Destination Station brings the wonders of space station home

While an unobtrusive laboratory whirls above our heads 365 days a year, a more intensive campaign is happening on Earthen ground to acquaint the general public with the wonders of the International Space Station (ISS). The effort started as an outreach campaign with a traveling exhibit called Destination Station, and has evolved to include an interactive exhibit in our own backyard at Space Center Houston (SCH).

Peggy Carruthers, the ISS lead for outreach, explained that until recently, station was not highlighted at Johnson Space Center’s official visitor center.

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The Destination Station exhibit at Space Center Houston gives visitors a taste of the science, research and living space aboard the space station.
“With the retirement of the shuttle, Space Center Houston wanted to incorporate an exhibit featuring space station,” Carruthers said. “We started with updating the (large, overhanging ISS) model, and from there the exhibit evolved into the current display.”

The results of the overhaul, which can be seen by visitors right now, rivals collaboration efforts of the past.

“In my 14 years here at Space Center Houston, the new ISS exhibit is the result of the most profound and valuable partnership we have had with JSC’s External Relations Office and the ISS Program Office,” said SCH Operations Manager Anson Brantley. “This world-class exhibit is now available to more than 700,000 people annually here at Space Center Houston, and will help us exceed our goal in educating the public about NASA’s human spaceflight program.”

The new space station exhibit is multifaceted and will appeal to a wide range of people. For instance, there’s a display of personal items donated by astronauts who have flown aboard the microgravity research platform. “We wanted to display a personal aspect to the space station,” Carruthers said. “The public knows the astronauts live and work in space, but what they might not think about is the everyday human side. During free time, the astronauts might engage in board games, playing instruments or photography.”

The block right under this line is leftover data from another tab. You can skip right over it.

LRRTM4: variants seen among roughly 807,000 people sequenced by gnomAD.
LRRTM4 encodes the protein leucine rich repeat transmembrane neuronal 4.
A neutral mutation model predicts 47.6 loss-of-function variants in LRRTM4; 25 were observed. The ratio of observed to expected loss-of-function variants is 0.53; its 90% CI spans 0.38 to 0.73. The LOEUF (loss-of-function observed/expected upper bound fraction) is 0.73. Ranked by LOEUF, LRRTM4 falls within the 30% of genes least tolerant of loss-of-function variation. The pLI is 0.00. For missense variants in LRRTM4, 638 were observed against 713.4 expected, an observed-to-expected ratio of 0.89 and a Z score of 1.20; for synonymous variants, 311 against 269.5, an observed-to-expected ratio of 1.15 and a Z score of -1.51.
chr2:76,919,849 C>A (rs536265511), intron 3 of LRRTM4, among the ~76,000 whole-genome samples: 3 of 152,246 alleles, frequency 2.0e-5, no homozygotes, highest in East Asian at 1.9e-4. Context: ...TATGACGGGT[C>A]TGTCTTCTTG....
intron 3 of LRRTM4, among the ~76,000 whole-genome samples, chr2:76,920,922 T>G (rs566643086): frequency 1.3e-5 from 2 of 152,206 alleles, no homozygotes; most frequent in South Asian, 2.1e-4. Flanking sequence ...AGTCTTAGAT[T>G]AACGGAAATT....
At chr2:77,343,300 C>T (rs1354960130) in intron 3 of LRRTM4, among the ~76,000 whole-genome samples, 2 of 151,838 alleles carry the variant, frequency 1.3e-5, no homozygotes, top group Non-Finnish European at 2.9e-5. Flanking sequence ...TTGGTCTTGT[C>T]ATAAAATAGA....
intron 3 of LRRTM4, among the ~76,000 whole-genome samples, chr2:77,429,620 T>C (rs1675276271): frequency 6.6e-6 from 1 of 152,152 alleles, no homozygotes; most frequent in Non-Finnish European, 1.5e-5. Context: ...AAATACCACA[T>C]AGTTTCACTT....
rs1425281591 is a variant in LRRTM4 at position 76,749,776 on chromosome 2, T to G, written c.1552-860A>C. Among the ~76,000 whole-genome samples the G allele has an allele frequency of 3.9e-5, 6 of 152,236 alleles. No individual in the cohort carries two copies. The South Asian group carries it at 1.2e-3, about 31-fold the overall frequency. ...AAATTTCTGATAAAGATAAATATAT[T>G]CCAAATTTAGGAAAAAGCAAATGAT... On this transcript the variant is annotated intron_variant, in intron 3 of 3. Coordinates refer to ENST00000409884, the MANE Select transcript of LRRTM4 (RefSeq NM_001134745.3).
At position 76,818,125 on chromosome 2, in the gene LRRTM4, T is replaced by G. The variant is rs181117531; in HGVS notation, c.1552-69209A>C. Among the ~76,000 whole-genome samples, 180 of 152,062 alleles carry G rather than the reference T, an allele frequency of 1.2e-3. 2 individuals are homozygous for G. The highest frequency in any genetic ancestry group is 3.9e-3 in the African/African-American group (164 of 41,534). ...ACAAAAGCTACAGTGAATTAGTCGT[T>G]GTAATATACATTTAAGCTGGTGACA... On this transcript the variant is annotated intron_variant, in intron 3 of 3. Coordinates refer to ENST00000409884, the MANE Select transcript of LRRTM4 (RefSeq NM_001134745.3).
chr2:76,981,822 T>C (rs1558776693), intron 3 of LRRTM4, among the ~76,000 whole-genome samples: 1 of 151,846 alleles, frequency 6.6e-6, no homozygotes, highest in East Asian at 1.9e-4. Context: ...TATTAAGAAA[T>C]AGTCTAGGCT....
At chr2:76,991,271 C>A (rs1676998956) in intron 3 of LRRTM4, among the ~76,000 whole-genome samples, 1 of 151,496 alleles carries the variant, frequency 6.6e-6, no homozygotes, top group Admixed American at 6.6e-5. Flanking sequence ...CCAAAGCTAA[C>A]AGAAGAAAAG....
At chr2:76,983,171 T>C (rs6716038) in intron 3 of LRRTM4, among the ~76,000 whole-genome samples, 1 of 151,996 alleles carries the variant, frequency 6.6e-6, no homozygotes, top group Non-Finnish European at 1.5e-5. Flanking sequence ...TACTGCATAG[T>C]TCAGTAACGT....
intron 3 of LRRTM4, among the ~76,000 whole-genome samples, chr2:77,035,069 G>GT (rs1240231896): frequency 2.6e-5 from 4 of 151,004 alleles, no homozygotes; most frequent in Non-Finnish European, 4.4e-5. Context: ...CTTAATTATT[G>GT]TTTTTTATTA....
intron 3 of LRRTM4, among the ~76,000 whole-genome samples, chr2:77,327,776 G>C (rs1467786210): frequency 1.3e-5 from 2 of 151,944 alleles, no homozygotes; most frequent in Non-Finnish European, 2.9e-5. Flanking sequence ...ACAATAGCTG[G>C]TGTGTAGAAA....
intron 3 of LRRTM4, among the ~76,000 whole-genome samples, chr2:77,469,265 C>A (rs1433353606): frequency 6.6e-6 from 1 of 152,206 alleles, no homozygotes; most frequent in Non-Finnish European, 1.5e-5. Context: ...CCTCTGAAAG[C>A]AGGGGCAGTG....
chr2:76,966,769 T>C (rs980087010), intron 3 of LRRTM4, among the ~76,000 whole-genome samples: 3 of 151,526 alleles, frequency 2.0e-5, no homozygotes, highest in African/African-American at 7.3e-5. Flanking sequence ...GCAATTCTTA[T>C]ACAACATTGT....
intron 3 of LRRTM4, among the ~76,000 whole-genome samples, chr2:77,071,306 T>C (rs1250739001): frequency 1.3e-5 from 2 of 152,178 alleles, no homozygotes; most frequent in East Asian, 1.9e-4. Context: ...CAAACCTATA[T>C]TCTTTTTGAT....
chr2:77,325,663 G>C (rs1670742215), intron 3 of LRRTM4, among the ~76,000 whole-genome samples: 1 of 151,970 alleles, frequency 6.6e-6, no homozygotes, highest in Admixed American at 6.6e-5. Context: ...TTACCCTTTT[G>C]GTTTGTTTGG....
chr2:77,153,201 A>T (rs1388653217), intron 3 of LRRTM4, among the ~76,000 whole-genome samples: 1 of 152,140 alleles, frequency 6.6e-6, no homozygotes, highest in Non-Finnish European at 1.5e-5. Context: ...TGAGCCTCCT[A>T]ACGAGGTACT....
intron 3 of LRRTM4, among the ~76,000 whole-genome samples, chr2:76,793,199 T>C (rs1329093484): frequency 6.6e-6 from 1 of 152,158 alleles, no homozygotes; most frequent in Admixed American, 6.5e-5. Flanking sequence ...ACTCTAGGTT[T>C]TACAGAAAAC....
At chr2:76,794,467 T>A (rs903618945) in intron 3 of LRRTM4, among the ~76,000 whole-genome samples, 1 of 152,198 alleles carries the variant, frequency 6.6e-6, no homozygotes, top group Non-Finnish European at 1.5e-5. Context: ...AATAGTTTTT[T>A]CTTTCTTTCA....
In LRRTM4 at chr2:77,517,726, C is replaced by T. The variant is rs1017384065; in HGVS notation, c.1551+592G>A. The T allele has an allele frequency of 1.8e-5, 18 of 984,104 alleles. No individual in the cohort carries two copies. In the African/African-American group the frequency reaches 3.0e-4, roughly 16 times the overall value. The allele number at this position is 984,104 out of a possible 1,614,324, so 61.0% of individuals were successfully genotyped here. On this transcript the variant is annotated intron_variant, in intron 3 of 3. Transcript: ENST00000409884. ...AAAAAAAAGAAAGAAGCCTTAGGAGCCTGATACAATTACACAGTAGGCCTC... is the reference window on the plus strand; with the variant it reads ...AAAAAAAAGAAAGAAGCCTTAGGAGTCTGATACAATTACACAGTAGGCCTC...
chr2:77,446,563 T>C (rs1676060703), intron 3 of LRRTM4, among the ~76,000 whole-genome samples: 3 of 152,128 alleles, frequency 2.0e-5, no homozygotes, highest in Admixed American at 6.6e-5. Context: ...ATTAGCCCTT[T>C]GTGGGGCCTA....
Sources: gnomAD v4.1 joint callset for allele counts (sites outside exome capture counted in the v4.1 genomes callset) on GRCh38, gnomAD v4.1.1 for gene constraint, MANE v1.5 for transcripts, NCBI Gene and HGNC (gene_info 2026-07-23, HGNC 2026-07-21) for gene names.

There are many interactive components that allow visitors to be immersed in the space station experience as well.

“One of the highlights of the new ISS exhibit is the new ‘Living in Space’ presentation, where a mission briefing officer gives the public a live demonstration on how the astronauts live, work and conduct science aboard ISS,” Brantley said. “This presentation, which is a huge draw to the public, generates excitement and additional interest about the ISS Program. Another great accomplishment from this is the complete update to the ‘Human Destiny’ high-definition theater film, which now includes the construction of the ISS from start to finish and the use of the Space Shuttle Program to enable NASA to achieve this magnificent accomplishment.”

Graphic panels and a Robonaut replica tell part of the larger space station story.
Graphic panels and a Robonaut replica tell part of the larger space station story.
Other compelling features include Robonaut, huge panels and graphics denoting science and research, micrometeoroid impact items and mock-ups of sleeping compartments and a space toilet. The exhibit, most importantly, highlights station’s genesis from construction to, now, full utilization with six-person crews.

“One of the most important aspects of space station is its capability as a research laboratory,” Carruthers said. “The research performed aboard ISS benefits individuals here on Earth, and the SCH exhibit highlights some of them.”

Even if you see the exhibit today, elements of it may evolve as things change aboard station. One major attraction soon to come is the cupola module, which in space operates as a pressurized observation and work area that accommodates command and control workstations and affords astronauts unparalleled, 360-degree views of the Earth.

“People are going to be able to go up and look through the cupola, and we’re going to outfit it like you would see it on station, with a camera and laptop, so people can get a feel of what it would look like,” said JSC Exhibits Manager Elizabeth LeBlanc. “We’re in the design/concept phase right now, but it will probably be coming to fruition in July.”

Through an innovative partnership between the ISS Program, JSC External Relations Office and Space Center Houston, this collaboration succeeded despite the integrated team never having done anything quite like it—and to that scope—before. Best of all, the benefits won’t be limited to guests looking to be entertained during the sweltering summer months.

Catherine Ragin Williams
Johnson Space Center, Houston


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Updated: 07/03/2013